EU tax haven blacklist updated
Panama, the Seychelles, the Cayman Islands and Palau were added, Turkey was given one more yearEuropost
European Union finance ministers added last Tuesday Panama, the Seychelles, the Cayman Islands and Palau to the EU's blacklist of tax havens, and gave Turkey more time to avoid being listed, news wires reported. The list, which was set up in 2017 after revelations of widespread tax evasion and avoidance schemes, now includes 12 jurisdictions.
Adding financial centres like the Cayman Islands and Panama marks significant policy shift. So far the EU blacklist has included mostly Pacific and Caribbean islands with almost no financial relation with the EU. The other listed jurisdictions are Fiji, Oman, Samoa, Trinidad and Tobago, Vanuatu and the three US territories of American Samoa, Guam, and the US Virgin Islands.
“The EU list of non-cooperative tax jurisdictions is helping to deliver real improvements in global tax transparency. To date, we have examined 95 countries' tax systems and the majority of these now comply with our good governance standards. This process has led to the elimination of over 120 harmful tax regimes worldwide, and dozens of countries have started to apply tax transparency standards. Our citizens expect the wealthiest individuals and corporations to pay their fair share in tax and any jurisdiction that enables them to avoid doing that must face the consequences,” Economy Commissioner Paolo Gentiloni said.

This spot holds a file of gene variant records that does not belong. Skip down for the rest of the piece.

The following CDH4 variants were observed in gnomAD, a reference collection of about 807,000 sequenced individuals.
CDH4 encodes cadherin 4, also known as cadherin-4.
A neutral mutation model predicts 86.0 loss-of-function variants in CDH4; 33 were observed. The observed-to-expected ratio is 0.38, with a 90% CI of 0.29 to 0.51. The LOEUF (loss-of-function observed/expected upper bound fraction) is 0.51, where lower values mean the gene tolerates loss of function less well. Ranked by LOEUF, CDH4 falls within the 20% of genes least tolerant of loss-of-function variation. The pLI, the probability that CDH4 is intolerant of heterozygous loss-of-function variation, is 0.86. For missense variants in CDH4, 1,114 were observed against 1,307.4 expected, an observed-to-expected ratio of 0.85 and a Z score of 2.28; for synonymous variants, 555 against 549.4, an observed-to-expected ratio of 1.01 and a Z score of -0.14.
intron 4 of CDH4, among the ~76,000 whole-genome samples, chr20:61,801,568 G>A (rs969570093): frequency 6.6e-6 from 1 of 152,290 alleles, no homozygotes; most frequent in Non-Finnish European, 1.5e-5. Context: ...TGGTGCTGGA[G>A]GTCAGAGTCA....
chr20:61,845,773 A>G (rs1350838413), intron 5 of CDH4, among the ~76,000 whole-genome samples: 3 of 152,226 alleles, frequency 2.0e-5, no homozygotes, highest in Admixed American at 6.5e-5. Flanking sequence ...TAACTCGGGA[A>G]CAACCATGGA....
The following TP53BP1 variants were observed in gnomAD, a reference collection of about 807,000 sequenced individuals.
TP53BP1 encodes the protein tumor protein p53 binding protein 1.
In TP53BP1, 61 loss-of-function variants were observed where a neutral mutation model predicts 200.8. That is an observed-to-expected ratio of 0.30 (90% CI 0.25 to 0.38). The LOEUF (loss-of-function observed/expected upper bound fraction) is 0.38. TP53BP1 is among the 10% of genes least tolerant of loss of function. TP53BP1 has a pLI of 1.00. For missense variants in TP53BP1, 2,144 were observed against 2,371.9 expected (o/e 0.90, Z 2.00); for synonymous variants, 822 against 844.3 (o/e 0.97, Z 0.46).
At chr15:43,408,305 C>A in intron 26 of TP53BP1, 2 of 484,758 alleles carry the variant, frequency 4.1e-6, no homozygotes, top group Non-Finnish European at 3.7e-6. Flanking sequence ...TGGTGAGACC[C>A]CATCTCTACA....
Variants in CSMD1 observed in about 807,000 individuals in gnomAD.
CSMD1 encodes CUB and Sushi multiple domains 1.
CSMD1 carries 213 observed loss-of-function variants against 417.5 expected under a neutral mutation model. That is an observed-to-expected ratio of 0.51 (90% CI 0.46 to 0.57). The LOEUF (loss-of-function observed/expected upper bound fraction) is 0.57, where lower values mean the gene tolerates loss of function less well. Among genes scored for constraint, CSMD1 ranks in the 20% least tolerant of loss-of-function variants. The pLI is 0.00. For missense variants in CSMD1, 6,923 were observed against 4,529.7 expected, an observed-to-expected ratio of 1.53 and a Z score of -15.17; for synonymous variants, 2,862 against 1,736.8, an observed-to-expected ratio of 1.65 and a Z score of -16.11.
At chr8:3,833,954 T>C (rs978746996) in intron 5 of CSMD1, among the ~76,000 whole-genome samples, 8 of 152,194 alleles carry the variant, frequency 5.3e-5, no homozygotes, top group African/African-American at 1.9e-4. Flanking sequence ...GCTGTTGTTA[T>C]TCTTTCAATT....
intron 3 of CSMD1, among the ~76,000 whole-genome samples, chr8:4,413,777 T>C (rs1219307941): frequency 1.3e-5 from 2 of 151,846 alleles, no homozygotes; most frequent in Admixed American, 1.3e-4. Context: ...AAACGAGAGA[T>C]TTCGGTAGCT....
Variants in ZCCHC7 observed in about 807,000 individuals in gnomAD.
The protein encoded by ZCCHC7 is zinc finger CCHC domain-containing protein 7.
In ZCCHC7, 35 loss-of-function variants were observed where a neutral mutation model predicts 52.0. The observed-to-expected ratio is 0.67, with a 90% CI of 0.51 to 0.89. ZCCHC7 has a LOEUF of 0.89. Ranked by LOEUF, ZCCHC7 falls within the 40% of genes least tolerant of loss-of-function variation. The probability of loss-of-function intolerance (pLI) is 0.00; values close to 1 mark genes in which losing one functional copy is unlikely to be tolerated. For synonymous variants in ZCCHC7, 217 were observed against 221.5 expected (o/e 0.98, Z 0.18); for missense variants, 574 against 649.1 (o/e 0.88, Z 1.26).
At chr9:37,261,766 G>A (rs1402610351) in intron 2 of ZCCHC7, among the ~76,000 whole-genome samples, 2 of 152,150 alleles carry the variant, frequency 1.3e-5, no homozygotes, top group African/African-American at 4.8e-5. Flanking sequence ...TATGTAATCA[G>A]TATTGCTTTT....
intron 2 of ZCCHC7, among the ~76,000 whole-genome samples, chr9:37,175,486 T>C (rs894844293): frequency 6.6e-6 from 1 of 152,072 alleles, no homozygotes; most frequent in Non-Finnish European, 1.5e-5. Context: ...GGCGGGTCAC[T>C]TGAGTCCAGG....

The Cayman Islands, a British overseas territory in the Caribbean, was listed because investment funds based there do not reflect real economic activity on the archipelago, the document said. That could lead to investment vehicles being created solely to reduce taxes in other jurisdictions. The eastern African archipelago of the Seychelles was added to the blacklist because it has an “harmful preferential tax regime”.
Turkey failed to execute automatic transfers of tax information with all EU states but was granted more time to fulfil its commitments, because it has adopted legislative changes to allow data sharing. The decision irked Cyprus, an EU member state embroiled in a decades-long dispute with Ankara and with which Turkey is not exchanging tax data. Turkey also does not share tax data with Germany, France, the Netherlands, Belgium and Austria, the EU countries with the largest Turkish communities, diplomats said. Despite these shortcomings, which had been unresolved for years when a deadline lapsed in December, Ankara was given another year to begin data sharing with all 27 EU states.